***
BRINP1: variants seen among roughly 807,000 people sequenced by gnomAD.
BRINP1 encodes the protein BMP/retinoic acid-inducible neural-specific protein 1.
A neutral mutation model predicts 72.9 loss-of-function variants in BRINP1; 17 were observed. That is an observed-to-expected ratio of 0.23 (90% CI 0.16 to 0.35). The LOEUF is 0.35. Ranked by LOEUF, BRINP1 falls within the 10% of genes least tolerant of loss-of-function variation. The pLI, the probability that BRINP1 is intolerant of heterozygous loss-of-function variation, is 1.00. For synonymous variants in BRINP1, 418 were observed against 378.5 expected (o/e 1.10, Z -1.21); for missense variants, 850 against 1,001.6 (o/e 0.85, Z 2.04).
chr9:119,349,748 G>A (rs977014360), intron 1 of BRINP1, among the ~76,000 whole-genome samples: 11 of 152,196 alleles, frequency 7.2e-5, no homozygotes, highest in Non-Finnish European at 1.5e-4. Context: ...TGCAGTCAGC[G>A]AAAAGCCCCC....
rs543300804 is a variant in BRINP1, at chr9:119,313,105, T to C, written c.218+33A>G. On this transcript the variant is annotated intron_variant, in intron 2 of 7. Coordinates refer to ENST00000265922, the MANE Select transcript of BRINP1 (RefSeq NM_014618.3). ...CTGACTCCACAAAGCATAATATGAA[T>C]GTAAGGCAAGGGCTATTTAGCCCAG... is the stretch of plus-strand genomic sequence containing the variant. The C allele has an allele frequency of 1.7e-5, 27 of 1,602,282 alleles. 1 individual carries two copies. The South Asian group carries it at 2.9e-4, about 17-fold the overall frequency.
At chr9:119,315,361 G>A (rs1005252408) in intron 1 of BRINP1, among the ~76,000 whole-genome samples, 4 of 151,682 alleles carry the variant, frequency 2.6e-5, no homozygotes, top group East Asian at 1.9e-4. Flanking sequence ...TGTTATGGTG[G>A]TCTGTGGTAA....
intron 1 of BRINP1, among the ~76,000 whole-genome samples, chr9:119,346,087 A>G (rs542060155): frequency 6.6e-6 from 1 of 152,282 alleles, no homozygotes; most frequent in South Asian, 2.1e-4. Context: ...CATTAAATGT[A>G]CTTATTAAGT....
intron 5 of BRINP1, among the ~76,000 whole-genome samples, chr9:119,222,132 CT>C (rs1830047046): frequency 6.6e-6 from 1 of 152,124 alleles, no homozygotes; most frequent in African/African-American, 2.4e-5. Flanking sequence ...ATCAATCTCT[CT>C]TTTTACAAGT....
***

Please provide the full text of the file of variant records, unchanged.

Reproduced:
BRINP1: variants seen among roughly 807,000 people sequenced by gnomAD.
BRINP1 encodes the protein BMP/retinoic acid-inducible neural-specific protein 1.
A neutral mutation model predicts 72.9 loss-of-function variants in BRINP1; 17 were observed. That is an observed-to-expected ratio of 0.23 (90% CI 0.16 to 0.35). The LOEUF is 0.35. Ranked by LOEUF, BRINP1 falls within the 10% of genes least tolerant of loss-of-function variation. The pLI, the probability that BRINP1 is intolerant of heterozygous loss-of-function variation, is 1.00. For synonymous variants in BRINP1, 418 were observed against 378.5 expected (o/e 1.10, Z -1.21); for missense variants, 850 against 1,001.6 (o/e 0.85, Z 2.04).
chr9:119,349,748 G>A (rs977014360), intron 1 of BRINP1, among the ~76,000 whole-genome samples: 11 of 152,196 alleles, frequency 7.2e-5, no homozygotes, highest in Non-Finnish European at 1.5e-4. Context: ...TGCAGTCAGC[G>A]AAAAGCCCCC....
rs543300804 is a variant in BRINP1, at chr9:119,313,105, T to C, written c.218+33A>G. On this transcript the variant is annotated intron_variant, in intron 2 of 7. Coordinates refer to ENST00000265922, the MANE Select transcript of BRINP1 (RefSeq NM_014618.3). ...CTGACTCCACAAAGCATAATATGAA[T>C]GTAAGGCAAGGGCTATTTAGCCCAG... is the stretch of plus-strand genomic sequence containing the variant. The C allele has an allele frequency of 1.7e-5, 27 of 1,602,282 alleles. 1 individual carries two copies. The South Asian group carries it at 2.9e-4, about 17-fold the overall frequency.
At chr9:119,315,361 G>A (rs1005252408) in intron 1 of BRINP1, among the ~76,000 whole-genome samples, 4 of 151,682 alleles carry the variant, frequency 2.6e-5, no homozygotes, top group East Asian at 1.9e-4. Flanking sequence ...TGTTATGGTG[G>A]TCTGTGGTAA....
intron 1 of BRINP1, among the ~76,000 whole-genome samples, chr9:119,346,087 A>G (rs542060155): frequency 6.6e-6 from 1 of 152,282 alleles, no homozygotes; most frequent in South Asian, 2.1e-4. Context: ...CATTAAATGT[A>G]CTTATTAAGT....
intron 5 of BRINP1, among the ~76,000 whole-genome samples, chr9:119,222,132 CT>C (rs1830047046): frequency 6.6e-6 from 1 of 152,124 alleles, no homozygotes; most frequent in African/African-American, 2.4e-5. Flanking sequence ...ATCAATCTCT[CT>C]TTTTACAAGT....